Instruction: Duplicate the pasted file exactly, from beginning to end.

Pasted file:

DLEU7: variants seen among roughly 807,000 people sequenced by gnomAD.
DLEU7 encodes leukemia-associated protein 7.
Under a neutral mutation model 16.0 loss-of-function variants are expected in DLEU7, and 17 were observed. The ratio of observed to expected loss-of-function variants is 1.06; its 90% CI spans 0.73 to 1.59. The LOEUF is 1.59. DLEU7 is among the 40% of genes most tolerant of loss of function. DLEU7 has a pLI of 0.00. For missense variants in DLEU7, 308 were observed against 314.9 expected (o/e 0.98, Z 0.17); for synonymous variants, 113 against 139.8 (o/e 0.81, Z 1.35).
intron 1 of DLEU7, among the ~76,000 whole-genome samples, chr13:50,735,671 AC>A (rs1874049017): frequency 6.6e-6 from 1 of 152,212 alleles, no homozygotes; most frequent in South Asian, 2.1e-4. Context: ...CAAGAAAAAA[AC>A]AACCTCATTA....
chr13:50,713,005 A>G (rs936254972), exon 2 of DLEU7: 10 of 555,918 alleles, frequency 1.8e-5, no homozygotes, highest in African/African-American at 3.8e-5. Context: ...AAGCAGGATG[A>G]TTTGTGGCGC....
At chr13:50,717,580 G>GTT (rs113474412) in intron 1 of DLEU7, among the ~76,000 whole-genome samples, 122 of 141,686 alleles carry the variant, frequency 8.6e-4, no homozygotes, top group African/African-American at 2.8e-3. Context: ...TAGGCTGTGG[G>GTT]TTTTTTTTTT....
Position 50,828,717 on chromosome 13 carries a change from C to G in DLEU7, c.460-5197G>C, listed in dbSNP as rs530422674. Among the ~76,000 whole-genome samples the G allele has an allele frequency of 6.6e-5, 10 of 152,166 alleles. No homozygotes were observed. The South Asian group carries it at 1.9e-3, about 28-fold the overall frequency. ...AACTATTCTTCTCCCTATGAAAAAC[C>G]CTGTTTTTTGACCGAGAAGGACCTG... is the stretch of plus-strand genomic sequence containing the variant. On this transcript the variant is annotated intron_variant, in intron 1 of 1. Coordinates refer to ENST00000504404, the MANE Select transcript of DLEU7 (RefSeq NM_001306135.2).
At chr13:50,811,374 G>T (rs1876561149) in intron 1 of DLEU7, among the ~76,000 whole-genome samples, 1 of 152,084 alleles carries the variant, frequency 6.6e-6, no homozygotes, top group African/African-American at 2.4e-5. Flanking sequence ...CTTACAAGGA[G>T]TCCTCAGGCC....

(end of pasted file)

DLEU7: variants seen among roughly 807,000 people sequenced by gnomAD.
DLEU7 encodes leukemia-associated protein 7.
Under a neutral mutation model 16.0 loss-of-function variants are expected in DLEU7, and 17 were observed. The ratio of observed to expected loss-of-function variants is 1.06; its 90% CI spans 0.73 to 1.59. The LOEUF is 1.59. DLEU7 is among the 40% of genes most tolerant of loss of function. DLEU7 has a pLI of 0.00. For missense variants in DLEU7, 308 were observed against 314.9 expected (o/e 0.98, Z 0.17); for synonymous variants, 113 against 139.8 (o/e 0.81, Z 1.35).
intron 1 of DLEU7, among the ~76,000 whole-genome samples, chr13:50,735,671 AC>A (rs1874049017): frequency 6.6e-6 from 1 of 152,212 alleles, no homozygotes; most frequent in South Asian, 2.1e-4. Context: ...CAAGAAAAAA[AC>A]AACCTCATTA....
chr13:50,713,005 A>G (rs936254972), exon 2 of DLEU7: 10 of 555,918 alleles, frequency 1.8e-5, no homozygotes, highest in African/African-American at 3.8e-5. Context: ...AAGCAGGATG[A>G]TTTGTGGCGC....
At chr13:50,717,580 G>GTT (rs113474412) in intron 1 of DLEU7, among the ~76,000 whole-genome samples, 122 of 141,686 alleles carry the variant, frequency 8.6e-4, no homozygotes, top group African/African-American at 2.8e-3. Context: ...TAGGCTGTGG[G>GTT]TTTTTTTTTT....
Position 50,828,717 on chromosome 13 carries a change from C to G in DLEU7, c.460-5197G>C, listed in dbSNP as rs530422674. Among the ~76,000 whole-genome samples the G allele has an allele frequency of 6.6e-5, 10 of 152,166 alleles. No homozygotes were observed. The South Asian group carries it at 1.9e-3, about 28-fold the overall frequency. ...AACTATTCTTCTCCCTATGAAAAAC[C>G]CTGTTTTTTGACCGAGAAGGACCTG... is the stretch of plus-strand genomic sequence containing the variant. On this transcript the variant is annotated intron_variant, in intron 1 of 1. Coordinates refer to ENST00000504404, the MANE Select transcript of DLEU7 (RefSeq NM_001306135.2).
At chr13:50,811,374 G>T (rs1876561149) in intron 1 of DLEU7, among the ~76,000 whole-genome samples, 1 of 152,084 alleles carries the variant, frequency 6.6e-6, no homozygotes, top group African/African-American at 2.4e-5. Flanking sequence ...CTTACAAGGA[G>T]TCCTCAGGCC....